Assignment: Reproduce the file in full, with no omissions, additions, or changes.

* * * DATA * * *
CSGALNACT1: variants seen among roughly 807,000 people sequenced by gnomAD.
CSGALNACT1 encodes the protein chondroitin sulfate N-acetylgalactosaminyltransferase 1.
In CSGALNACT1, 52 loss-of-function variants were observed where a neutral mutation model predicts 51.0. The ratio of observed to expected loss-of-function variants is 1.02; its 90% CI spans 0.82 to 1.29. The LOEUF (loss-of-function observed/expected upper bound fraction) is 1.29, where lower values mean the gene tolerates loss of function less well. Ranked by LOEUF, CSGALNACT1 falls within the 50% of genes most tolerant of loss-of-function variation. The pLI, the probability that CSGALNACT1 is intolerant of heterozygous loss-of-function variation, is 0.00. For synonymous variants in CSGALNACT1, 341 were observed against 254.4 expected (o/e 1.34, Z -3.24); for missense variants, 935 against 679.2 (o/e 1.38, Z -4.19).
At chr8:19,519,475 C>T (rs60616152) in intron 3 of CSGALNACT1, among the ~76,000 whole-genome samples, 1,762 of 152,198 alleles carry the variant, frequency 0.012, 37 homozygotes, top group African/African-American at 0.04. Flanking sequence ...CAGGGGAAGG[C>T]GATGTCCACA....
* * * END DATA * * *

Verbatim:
CSGALNACT1: variants seen among roughly 807,000 people sequenced by gnomAD.
CSGALNACT1 encodes the protein chondroitin sulfate N-acetylgalactosaminyltransferase 1.
In CSGALNACT1, 52 loss-of-function variants were observed where a neutral mutation model predicts 51.0. The ratio of observed to expected loss-of-function variants is 1.02; its 90% CI spans 0.82 to 1.29. The LOEUF (loss-of-function observed/expected upper bound fraction) is 1.29, where lower values mean the gene tolerates loss of function less well. Ranked by LOEUF, CSGALNACT1 falls within the 50% of genes most tolerant of loss-of-function variation. The pLI, the probability that CSGALNACT1 is intolerant of heterozygous loss-of-function variation, is 0.00. For synonymous variants in CSGALNACT1, 341 were observed against 254.4 expected (o/e 1.34, Z -3.24); for missense variants, 935 against 679.2 (o/e 1.38, Z -4.19).
At chr8:19,519,475 C>T (rs60616152) in intron 3 of CSGALNACT1, among the ~76,000 whole-genome samples, 1,762 of 152,198 alleles carry the variant, frequency 0.012, 37 homozygotes, top group African/African-American at 0.04. Flanking sequence ...CAGGGGAAGG[C>T]GATGTCCACA....